How can I discover God's purpose for my life?

If you're nearing the end of high school, you're probably getting asked, "What will you do after graduation?" That can be an intimidating question! Are you going to college? Which one? What degree are you going to get? What are you going to do with that degree? You're NOT going to college? What are you going to do for the rest of your life? Where will you work? What will you do with your life? And then come all the "suggestions" of how to find purpose. It can be A LOT to think about at such a young age.

When I was in high school, I dreaded those questions because I didn't know what I wanted to do. If this is where you are in life, I want to share some principles that helped me on my journey to discovering God's purpose for me. (You're gonna want this Spoiler Alert: If your heart desires to glorify God, then there's NO SUCH THING as the one-and-only-right path. Even if you change your mind later, whatever path you're on is one that can be used by God to bring Him glory through your life.)

1. Seek Guidance

"The fear of the Lord is the beginning of knowledge; fools despise wisdom and instruction." —Proverbs 1:7

While every believer's general purpose is to glorify God (1 Corinthians 10:31), He has specifically given you unique gifts, life experiences, personality traits, and strengths that can be used to glorify Him in all you do. So seeking guidance from God through prayer should be your starting point in this journey (James 1:5).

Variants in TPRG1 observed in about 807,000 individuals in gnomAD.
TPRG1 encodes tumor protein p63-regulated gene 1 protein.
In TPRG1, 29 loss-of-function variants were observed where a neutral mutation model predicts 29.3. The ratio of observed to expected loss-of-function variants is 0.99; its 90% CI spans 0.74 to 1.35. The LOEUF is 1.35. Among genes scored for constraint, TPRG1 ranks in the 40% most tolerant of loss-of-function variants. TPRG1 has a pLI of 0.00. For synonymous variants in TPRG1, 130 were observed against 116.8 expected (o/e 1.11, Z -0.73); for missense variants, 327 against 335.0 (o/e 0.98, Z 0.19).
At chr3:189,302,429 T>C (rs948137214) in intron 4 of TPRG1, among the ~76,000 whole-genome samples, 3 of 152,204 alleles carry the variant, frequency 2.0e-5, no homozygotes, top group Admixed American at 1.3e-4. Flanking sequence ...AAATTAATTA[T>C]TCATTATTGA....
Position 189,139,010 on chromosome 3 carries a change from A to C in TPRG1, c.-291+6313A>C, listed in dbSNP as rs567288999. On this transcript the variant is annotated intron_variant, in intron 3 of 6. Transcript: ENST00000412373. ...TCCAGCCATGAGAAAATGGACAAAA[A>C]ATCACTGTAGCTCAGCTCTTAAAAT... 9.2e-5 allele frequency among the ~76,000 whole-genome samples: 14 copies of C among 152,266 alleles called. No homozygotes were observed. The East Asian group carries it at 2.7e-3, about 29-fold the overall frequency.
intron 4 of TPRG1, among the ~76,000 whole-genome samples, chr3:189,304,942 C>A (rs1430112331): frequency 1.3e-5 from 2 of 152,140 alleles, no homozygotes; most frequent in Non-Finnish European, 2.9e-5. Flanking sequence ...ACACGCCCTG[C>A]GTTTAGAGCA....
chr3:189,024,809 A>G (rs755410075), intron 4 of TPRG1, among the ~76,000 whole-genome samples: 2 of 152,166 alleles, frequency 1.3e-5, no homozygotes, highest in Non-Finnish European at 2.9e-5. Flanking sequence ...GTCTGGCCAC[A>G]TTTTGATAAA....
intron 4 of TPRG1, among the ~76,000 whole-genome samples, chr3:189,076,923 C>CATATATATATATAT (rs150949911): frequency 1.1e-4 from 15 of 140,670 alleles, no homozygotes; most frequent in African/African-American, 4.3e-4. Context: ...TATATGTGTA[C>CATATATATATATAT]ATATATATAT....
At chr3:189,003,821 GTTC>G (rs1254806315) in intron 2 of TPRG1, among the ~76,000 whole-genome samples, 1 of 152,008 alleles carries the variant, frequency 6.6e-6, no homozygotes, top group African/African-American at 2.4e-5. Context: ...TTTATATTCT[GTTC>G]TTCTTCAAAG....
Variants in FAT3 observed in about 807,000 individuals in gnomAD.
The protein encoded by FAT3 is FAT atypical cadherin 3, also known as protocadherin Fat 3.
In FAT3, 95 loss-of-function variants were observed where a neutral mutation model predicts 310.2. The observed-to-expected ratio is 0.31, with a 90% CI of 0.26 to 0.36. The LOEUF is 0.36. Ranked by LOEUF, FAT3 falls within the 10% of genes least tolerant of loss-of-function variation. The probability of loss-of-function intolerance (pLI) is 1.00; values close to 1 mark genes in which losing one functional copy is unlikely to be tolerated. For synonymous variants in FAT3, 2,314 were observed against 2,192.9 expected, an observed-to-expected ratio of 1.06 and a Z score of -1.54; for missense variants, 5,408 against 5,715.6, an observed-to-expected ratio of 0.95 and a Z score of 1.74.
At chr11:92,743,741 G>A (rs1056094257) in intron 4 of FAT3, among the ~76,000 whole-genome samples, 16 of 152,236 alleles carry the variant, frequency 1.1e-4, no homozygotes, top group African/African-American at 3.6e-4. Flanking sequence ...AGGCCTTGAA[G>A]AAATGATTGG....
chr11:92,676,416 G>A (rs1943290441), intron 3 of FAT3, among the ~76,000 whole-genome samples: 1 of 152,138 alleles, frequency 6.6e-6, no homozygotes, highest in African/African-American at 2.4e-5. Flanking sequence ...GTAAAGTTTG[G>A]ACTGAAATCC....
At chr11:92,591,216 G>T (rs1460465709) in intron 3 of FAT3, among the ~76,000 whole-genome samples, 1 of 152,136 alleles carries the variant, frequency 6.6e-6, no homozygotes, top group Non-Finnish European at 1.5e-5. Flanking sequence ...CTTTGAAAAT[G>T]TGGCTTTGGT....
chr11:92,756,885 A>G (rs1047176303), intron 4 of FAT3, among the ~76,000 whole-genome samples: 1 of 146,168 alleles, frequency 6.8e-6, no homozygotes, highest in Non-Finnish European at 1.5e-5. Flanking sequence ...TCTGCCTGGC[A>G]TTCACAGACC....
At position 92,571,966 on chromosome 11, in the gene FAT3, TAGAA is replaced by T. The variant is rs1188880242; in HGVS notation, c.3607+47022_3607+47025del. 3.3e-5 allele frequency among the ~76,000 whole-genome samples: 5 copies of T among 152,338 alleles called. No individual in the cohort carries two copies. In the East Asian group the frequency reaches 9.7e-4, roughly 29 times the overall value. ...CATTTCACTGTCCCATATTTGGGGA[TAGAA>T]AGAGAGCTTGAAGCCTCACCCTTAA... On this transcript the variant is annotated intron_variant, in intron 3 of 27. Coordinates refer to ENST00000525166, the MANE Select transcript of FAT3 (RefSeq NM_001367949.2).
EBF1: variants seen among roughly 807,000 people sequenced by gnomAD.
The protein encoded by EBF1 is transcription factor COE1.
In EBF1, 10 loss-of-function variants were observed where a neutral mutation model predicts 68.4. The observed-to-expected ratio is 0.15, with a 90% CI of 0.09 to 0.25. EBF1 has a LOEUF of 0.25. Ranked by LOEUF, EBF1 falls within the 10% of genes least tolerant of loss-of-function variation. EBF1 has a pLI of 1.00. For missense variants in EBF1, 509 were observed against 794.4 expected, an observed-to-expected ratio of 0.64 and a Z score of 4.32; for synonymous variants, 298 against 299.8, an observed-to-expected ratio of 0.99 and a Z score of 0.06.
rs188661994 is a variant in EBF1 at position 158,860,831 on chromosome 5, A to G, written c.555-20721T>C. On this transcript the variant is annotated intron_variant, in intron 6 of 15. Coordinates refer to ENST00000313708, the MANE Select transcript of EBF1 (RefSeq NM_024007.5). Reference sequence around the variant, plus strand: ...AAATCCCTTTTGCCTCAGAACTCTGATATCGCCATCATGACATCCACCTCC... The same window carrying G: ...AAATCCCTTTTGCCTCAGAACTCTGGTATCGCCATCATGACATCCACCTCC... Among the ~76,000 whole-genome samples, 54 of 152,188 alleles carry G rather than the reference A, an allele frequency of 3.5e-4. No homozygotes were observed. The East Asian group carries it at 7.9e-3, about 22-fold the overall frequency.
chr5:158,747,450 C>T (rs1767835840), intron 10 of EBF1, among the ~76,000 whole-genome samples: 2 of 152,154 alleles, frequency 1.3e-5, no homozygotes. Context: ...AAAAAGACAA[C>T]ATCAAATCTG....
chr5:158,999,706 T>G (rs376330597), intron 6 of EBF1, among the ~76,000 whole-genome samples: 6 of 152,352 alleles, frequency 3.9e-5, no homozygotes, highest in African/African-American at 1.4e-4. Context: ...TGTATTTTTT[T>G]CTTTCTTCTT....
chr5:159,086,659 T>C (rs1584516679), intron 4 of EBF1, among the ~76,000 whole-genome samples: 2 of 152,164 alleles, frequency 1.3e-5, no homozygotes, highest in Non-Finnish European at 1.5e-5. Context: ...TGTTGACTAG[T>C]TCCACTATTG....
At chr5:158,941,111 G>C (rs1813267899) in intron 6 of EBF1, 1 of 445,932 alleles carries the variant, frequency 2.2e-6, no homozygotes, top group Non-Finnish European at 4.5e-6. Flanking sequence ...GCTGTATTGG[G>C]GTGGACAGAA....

God has also given you others who care about you and can speak into your life to help you see how God has designed you (Job 12:12; Proverbs 14:8). Ask them what interests, talents, and passions they see in you, and that might give insight into what you could aim for as you move into adulthood.

2. Reflect

God has allowed both good and bad life experiences to help you grow and learn life lessons. Anything that happens to you in life can provide insights into gifts and passions that God has given you.

"...we rejoice in our sufferings, knowing that suffering produces endurance, and endurance produces character, and character produces hope, and hope does not put us to shame, because God's love has been poured into our hearts through the Holy Spirit who has been given to us." —Romans 5:3-5

As you reflect on these opportunities, consider questions like: Who or what made that thing enjoyable? Why was that task drudgery to you? Who are you passionate about serving/interacting with? Maybe children, teens, the elderly, or young Christians? Maybe those who are chronically sick or hospitalized? Maybe those within a specific ethnicity or cultural group? Maybe you love serving behind the scenes or with your hands? Sometimes the answers to these types of thought-provoking questions can give insight into your life purpose.

3. Interview or Intern/Apprentice

"An intelligent heart acquires knowledge, and the ear of the wise seeks knowledge." —Proverbs 18:15

Once you've identified something you might like to pursue, see if you can interview someone in that field or ask for an internship or apprenticeship. This will help you know what the work entails, pros and cons, and can help you evaluate whether this fits the strengths, gifts, and passions God has put in your heart.

4. Don't make decisions based on what you think you "should" do or to be like everyone else.

"Trust in the Lord with all your heart, and do not lean on your own understanding. In all your ways acknowledge him, and he will make straight your paths." —Proverbs 3:5-6